A new study commissioned by American Airlines concludes that Dallas/Fort Worth Airport could lose hundreds of flights to scores of destinations if the Wright Amendment is repealed.
The report, which American released Monday, was written by Eclat Consulting, an airline consulting firm based in Reston, Va. It says that if the Wright restrictions were eliminated, D/FW would lose 218 daily departures, while Dallas Love Field would gain about 125 flights.
That would give North Texas a net loss of 93 flights. Most of the cities losing service would be in small markets, like Springfield, Mo., Lawton, Okla., and Waco. But the region could also lose nonstop service to several international destinations, including London, Paris and Buenos Aires, Argentina, as feeder routes are cut back.
"The ramifications reach well beyond the D/FW metropolitan area," Randy Babbitt, Eclat's chief executive, said at a news conference in the Grand Hyatt at D/FW Airport's new Terminal D.
The battle over the amendment could soon return to the spotlight in Washington, D.C., said Will Ris, American's senior vice president of government affairs. Ris said the Senate Commerce Committee might hold hearings on the Wright issue by the end of the year.
Gerard Arpey, American's chief executive, would like to testify, Ris said. "He's looking forward to the chance to talk about it," he said.
A spokesman for the committee could not be reached for comment Monday.
Officials with Southwest Airlines dismissed American's report as a scare tactic that doesn't hold up to scrutiny.
"This is more of the sky-is-falling syndrome," said Southwest spokesman Ed Stewart. "They're in the business of threats; we're in the business of low fares."
American's Wright Amendment study is the fourth report this year to examine the effects of repealing the Wright Amendment.
A previous study for Dallas/Fort Worth Airport reached a conclusion similar to American's. A competing study conducted for Southwest said air service in the region would increase, rather than fall, if the amendment is repealed.
An independent report by the Boyd Group, a Colorado consulting firm, concluded that the overall effect on air fares and service would be minimal. That report stated that American would be better off competing from D/FW rather than moving flights to Love, if the amendment is repealed.
The Wright Amendment is a 1979 federal law that limits service at Dallas Love Field airport to cities in Texas and adjacent states. Mississippi, Alabama and Kansas were later added.
Last year, executives at Dallas-based Southwest began a drive to repeal the law, declaring that it was outdated and anti-consumer. Southwest operates solely from Love, saying D/FW does not fit its business model.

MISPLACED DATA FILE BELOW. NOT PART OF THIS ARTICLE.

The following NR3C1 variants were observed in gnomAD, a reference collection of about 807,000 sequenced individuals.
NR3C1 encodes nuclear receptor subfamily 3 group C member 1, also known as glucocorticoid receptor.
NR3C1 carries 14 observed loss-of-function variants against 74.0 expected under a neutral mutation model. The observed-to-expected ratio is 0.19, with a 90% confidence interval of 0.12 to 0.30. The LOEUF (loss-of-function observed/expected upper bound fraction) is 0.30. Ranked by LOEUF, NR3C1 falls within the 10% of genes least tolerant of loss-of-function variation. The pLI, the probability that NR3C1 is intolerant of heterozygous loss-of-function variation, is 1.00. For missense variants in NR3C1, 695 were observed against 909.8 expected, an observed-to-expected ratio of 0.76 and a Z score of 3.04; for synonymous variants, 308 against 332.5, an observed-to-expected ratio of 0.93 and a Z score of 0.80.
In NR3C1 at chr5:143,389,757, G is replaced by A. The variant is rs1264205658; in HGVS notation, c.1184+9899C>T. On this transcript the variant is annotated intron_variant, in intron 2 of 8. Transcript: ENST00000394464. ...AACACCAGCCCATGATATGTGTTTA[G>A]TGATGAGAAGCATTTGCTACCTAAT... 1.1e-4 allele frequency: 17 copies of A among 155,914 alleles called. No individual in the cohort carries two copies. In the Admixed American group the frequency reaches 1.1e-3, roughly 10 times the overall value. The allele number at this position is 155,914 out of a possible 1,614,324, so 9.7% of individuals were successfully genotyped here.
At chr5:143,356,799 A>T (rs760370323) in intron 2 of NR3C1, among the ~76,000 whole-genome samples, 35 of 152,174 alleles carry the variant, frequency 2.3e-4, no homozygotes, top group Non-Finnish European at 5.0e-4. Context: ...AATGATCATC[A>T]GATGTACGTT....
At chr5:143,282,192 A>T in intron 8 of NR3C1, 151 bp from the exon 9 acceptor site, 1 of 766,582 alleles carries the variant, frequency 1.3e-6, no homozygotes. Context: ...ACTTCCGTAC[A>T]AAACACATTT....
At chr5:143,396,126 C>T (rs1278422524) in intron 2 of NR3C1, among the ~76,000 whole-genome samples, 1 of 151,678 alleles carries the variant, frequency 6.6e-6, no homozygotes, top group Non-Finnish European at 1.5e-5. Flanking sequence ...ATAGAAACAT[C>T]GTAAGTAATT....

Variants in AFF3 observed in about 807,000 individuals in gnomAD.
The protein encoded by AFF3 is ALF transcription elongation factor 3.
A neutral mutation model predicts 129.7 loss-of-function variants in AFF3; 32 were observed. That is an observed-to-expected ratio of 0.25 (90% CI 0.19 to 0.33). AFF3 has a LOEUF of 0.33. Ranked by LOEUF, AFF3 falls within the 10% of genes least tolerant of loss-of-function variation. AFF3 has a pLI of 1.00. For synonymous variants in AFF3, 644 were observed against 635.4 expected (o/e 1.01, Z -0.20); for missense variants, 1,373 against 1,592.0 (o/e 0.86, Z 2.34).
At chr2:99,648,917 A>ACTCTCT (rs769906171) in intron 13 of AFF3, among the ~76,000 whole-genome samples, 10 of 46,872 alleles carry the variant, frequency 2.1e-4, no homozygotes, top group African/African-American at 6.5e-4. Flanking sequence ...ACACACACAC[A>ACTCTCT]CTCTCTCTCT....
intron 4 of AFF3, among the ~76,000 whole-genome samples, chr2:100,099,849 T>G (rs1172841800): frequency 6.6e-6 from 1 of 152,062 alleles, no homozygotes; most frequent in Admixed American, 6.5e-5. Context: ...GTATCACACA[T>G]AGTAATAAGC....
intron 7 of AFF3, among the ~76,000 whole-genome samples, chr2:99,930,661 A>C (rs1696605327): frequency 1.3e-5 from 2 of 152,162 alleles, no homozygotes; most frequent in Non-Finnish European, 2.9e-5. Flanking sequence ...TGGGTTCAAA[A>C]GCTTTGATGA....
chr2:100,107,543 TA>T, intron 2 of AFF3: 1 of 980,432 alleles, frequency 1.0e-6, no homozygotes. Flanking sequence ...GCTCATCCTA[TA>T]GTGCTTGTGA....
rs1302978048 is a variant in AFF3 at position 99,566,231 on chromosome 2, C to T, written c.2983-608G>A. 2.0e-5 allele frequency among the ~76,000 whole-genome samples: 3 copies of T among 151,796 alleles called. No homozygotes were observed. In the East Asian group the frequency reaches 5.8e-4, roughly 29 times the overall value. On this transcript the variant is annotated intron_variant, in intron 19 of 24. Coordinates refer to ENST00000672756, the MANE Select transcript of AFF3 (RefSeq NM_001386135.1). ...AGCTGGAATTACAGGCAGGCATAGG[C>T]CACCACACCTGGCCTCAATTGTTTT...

That means Southwest and American, which operates its largest hub at D/FW, don't compete on long-haul flights from North Texas.
Officials from D/FW Airport and American have strongly opposed any change, arguing that lifting the restrictions would damage the airport and the area economy.
Southwest and D/FW have both run television and print ads on the issue in recent months. Southwest's ads have ridiculed the law, while D/FW's have urged Southwest to move its operations to the larger airport.
With the release of the study Monday, American appears to be taking a higher profile on the issue. In the past, the airline focused most of its energy on lobbying Congress rather than battling to win public opinion.
According to the Eclat study, American would shift 45 daily flights to Love to compete with Southwest if the restrictions were eliminated. That would force the airline to cut additional flights at its D/FW hub, because it would need fewer passengers at its connecting hub.
Other airlines would shift an additional 33 daily departures to Love, the study concluded, creating a 20 percent reduction in D/FW's total service, according to airport officials.
Dallas Love Field could see traffic double or even triple if the Wright Amendment were repealed.
American Airlines plans to issue a report next week on the impact of a repeal of the Wright Amendment, as the airline begins to take a more aggressive public stance on the issue.
A study commissioned by Southwest Airlines suggests that North Texas travelers could save nearly $700 million annually on airfares if the Wright Amendment is repealed.
The after-effects of hurricanes Katrina and Rita are driving costs of the federal subsidy that keeps air service in Owensboro to the breaking point.